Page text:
The Mind & the Brain (2002, by Jeffrey M. Schwarz, Harper Collins).
For those of us of a somewhat spiritual bent, modern science offers much to be dejected about. The premise of modern science is that all phenomenon, including human aspiration and feeling and passion, can be reduced to logical and predictable interactions between ions, electrons, amino acids, neurotransmittters. If you really listen to what science says, and believe it, you're left with the empty sensation that free will doesn't exist at all.
Schwarz, though, points out that modern behavioral science never really grew beyond Newtonian physics. All that it takes to restore the wonder about the nature of human consciousness is to learn a little bit about quantum physics, which not only make room for human consciousness and free will, but argues that nothing else really explains the way the world operates.
I can by no means do justice to the author's arguments in a few short paragraphs. Suffice it to say that this is truly exciting work that seems to offer genuine evidence that our intuition was right when we decided that human consciousness was something magical and mystical and worthy of our wonder.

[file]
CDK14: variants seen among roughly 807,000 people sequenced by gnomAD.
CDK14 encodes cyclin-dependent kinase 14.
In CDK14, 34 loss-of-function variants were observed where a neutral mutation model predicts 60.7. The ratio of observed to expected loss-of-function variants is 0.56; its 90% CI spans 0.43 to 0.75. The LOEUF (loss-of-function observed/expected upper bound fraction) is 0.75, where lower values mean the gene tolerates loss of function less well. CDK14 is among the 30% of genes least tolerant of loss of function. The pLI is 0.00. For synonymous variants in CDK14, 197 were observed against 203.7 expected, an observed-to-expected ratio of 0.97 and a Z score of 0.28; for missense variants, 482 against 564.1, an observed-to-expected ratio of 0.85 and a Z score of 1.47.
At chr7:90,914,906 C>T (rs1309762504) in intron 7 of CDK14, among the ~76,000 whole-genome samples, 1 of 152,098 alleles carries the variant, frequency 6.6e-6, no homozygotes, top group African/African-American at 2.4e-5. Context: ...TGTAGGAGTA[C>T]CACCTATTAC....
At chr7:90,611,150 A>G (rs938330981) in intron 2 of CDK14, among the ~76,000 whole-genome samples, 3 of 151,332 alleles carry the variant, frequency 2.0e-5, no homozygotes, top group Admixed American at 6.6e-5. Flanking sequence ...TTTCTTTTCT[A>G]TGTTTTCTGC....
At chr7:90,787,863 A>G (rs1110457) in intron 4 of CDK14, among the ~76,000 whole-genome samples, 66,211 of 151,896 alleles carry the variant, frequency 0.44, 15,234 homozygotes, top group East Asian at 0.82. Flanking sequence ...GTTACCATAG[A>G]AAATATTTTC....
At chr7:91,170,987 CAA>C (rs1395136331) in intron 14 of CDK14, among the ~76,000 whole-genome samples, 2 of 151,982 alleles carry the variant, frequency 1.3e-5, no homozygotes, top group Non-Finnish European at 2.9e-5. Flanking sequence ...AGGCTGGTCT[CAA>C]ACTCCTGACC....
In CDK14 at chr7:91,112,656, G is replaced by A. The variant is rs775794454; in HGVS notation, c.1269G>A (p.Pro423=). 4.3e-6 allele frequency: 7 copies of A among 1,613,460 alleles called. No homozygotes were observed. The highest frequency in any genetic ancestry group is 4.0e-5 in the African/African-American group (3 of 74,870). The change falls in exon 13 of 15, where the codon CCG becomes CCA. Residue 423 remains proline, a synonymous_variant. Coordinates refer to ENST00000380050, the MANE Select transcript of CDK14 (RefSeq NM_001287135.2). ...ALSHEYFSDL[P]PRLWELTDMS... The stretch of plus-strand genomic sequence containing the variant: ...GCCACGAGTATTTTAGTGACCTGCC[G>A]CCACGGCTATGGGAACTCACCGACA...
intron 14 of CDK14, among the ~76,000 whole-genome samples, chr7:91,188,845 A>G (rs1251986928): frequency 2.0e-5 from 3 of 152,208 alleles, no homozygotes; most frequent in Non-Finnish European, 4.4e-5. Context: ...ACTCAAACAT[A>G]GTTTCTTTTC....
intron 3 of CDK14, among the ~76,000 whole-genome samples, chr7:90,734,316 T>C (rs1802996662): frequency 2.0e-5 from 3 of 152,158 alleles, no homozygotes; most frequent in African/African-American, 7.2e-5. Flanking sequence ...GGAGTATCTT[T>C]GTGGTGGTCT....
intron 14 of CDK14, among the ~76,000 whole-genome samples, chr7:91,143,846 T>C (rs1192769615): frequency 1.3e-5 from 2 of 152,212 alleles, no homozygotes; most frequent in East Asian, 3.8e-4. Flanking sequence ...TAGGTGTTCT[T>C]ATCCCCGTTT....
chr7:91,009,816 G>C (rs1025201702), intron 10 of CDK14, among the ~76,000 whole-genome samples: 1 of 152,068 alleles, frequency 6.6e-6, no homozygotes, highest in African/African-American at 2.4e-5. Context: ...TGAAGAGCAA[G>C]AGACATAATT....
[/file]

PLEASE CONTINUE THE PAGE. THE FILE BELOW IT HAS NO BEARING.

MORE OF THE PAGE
My film recommendation is a bit harder this month. Not much that blew my socks off. So rather than a single recommendation, I'll simply give one-to-five star reviews of the last few I've seen:
Sherlock Holmes. Three stars. Pleasant diversion with interesting twists on the personalities of Sherlock Holmes and Dr. Watson. But needlessly complicated plot line that grew tedious in hour two.
Avatar. Three stars. Startling technology that makes you want to buy the DVD for the special effects features. But James Cameron is about as deep (shallow) as George Lucas in his handling of archetypal mythologies.
It's Complicated. Two stars Delightful acting by Meryl Streep, Alec Baldwin, and Steve Martin. Tedious plot and terrible written dialogue.
The Road. 3 stars. Yeah, depressing, but very finely acted. You have to be into post-apocalyptic nightmares, though.